THOMAS D. GOLDING, 24th TEXAS CAVALRY



THOMAS D. GOLDING


Karen McCann Hett  All Rights Reserved 2003-2014

Thomas D. Golding (Golden, Goulden) was born in Abbeville District, South Carolina, on December 6, 1843. He was the son of Reuben G. Golding and Helena Cheatham; he appears with his parents on the South Carolina census of 1850. The family migrated to Texas in the early 1850s with other members of their families, including the Rotens, Cheathams, and Foorshes. By 1860, Reuben's family was enumerated in the census of Montgomery County, Texas, 1860. The family settled on or near the Cude survey.

Thomas was a cousin of Henry R. Golden. Henry's half-sister, Martha Irene Foorshe, was married to Timothy J. Cude after the war. Another first cousin, Amanda Cheatham, was married to William W. Roten.

Yet another cousin, William Alexander Cheatham, married Sarah Elizabeth Walker after the war. She was the daughter of William Walker and the sister of Samuel Walker, both of whom served in Captain Wooldridge's Company B with Thomas.

Thomas and Henry together joined Company B, Second Texas Lancers in April of 1862 when he was nineteen. Thomas was a private.

Thomas trained with his company at Hempstead, then marched to Arkansas when he was dismounted with the other Texans. His regiment became 24th Regiment Texas Cavalry and was assigned to Garland's Brigade.

Thomas was captured by Union troops in the Battle of Arkansas Post on January 11, 1863 and was among the sixteen ill and wounded men from Company B who were left at the hospital in St. Louis. He died at City General Hospital, the hospital that served Gratiot Street Prison.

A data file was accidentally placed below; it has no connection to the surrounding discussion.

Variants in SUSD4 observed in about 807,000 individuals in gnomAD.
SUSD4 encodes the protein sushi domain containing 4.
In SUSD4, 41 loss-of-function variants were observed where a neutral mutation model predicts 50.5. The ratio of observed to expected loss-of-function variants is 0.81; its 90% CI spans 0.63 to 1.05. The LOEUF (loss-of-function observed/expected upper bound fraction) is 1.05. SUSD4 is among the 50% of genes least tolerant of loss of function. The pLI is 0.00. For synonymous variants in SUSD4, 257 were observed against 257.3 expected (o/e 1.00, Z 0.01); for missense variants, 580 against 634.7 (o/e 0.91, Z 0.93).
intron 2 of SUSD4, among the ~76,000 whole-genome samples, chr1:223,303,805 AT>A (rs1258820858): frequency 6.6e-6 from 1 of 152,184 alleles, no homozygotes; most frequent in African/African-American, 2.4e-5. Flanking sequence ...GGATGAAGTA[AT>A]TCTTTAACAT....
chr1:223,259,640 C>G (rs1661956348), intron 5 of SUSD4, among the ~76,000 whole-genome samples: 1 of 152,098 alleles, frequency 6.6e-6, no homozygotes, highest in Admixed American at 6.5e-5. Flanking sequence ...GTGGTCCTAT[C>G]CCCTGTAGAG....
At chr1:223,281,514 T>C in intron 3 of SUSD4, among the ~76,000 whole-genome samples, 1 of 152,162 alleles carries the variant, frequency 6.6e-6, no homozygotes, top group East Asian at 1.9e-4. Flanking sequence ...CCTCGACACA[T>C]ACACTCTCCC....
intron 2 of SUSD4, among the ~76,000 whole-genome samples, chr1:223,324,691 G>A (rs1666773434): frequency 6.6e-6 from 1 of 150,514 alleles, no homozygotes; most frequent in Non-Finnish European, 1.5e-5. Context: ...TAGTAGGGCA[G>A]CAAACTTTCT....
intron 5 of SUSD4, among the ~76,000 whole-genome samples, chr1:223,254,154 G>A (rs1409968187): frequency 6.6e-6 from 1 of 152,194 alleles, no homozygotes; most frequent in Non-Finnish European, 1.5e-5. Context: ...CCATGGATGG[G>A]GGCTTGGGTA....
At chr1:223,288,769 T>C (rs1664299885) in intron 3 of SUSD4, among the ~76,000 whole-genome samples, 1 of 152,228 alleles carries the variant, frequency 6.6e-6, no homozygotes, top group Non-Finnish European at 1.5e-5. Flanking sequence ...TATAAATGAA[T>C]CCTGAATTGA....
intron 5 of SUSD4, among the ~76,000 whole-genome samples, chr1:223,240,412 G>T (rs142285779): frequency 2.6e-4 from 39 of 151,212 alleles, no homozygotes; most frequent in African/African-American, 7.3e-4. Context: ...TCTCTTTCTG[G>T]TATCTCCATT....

Gratiot Street Prison, St. Louis

Over half of the men of Company B who were sent there died of disease or wounds. However, it is likely that those were the sickest men or those who were seriously wounded, who likely would have died at Camp Butler anyway.

Thomas D. Golding died February 13, 1863, and was buried the same day in Plot # 20-0-4776 at Jefferson Barracks National Cemetery in St. Louis.

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An undertaker's certificate is in his files.

His name was on a list of prisoners who died in the Department of Missouri, giving his cause of death as typhoid fever and chronic diarrhea.

The inscription on his stone states, “24 Tex. Cav. C. S. A.”

Thank you to Michael Pierce for taking the photo of this stone.

Thanks to David Frame for the family information on Cheatham, Golding, and related families. The Compiled Service Records are housed in the National Archives and were accessed on microfilm at the Confederate Research Center at Hillsboro, Texas.

For further information and records of all Confederate soldiers of Montgomery County, Texas, as well as histories of the regiments they served in, see Montgomery County, Texas, CSA by Frank M. Johnson. The book may be purchased by visiting Frank's website at frankmjohnson.net or by contacting Frank at fjohnson@wt.net.


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